So, unfortunately, due to backwards compatibility, Java classes that implement Iterable/Iterator can't automatically get the benefits of list monads etc..., by simply defining a library of operators that take Iterable/Iterators, like C# could with IEnumerable/IEnumerator.

In C#, IE only has side effects in the MoveNext() method, which returns true or false if there's another element, and the effect is explicit in the name, which helps. However, more importantly, if you get the value from Current, there is no side effect, and you can do that as many times as you like.

With Iterable, if you call next() it moves to the next element. So, it is impossible to get the same value twice with a guarantee of no side effects, and impossible to guarantee mathematically sound composition of Iterables. The interface is broken, and changing it would break nearly every Java program.

>This is the first time I've heard of reactive and read HN everyday

You're not paying enough attention. There were tons of articles on reactive on the front page, at least 1-2 per week, for the last year or so. See also: "functional reactive programming". See also: "React.js". See also: "Om".


He starts talking about that at ~23min. You will probably need to watch the whole video up to there to understand the context and why it is important to him.

tl;dr: Languages offer ways of composing side effects. Delay is just another side effect and "reactive" isn't that special.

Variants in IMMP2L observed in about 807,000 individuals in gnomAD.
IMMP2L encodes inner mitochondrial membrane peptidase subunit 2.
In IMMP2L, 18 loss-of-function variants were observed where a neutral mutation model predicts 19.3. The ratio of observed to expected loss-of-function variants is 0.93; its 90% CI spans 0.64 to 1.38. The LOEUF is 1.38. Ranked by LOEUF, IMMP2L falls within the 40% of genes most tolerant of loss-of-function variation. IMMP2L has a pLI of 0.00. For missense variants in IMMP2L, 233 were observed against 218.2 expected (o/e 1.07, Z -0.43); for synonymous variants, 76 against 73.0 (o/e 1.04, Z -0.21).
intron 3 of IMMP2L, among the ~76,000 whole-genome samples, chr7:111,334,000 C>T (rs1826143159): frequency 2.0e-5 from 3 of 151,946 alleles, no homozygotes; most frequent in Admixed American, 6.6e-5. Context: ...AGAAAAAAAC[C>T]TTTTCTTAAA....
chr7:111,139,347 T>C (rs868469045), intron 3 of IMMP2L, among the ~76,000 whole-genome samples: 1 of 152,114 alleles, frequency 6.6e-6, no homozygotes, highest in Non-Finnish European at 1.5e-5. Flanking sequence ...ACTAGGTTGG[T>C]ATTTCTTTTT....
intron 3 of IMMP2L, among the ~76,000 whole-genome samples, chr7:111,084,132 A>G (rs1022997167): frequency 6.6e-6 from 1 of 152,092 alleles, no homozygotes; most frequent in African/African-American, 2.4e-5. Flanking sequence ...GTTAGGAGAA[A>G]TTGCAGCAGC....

I think there's a little more to it than that...

Now I want to know who was in the audience (esp. the two 'math' guys off to the right).

The first six minutes alone are worth a listen if you're in a rabble-rousing mood.

Wow, I listened to the first six minutes on your recommendation and was pretty put off.

The speaker mocks his audience of Microsoft engineers (like not in fun, he is really saying their culture sucks).

He is dismissive of "reactive programming" as nonsense from architecture astronauts, without giving a remotely fair description of what it actually is. His straw-man of "var x = 10; println(x); x = 42; println(x)" is not reactive, because "x" is not a function of other mutable state in the model. I've never heard of reactive programming until five minutes ago, but I can tell this just by reading the Wikipedia excerpts from his own slides (and a little follow-up reading confirms this).

I'm all for rabble-rousing, but if you're throwing punches you should know what you're talking about.

At 17:30 he makes a joke about a Steve Jobs function that says "iPhone", "iPad", "iCloud", and then "terminates naturally". Holy bad taste.

EDIT: others have pointed out that with extra context this is more obviously a self-deprecating and good-natured shtick.

Erik is a little trollish when expressing his opinions. From what I noticed, he loves flames. People either love his style or hate it. I guess you're in the later group - personally I don't mind when he's mocking something I care about, because from what I observed, he's always joking or half-joking and he'll say the opposite of what he just said in a couple of weeks.

> He is dismissive of "reactive programming" as nonsense from architecture astronauts, without giving a remotely fair description of what it actually is.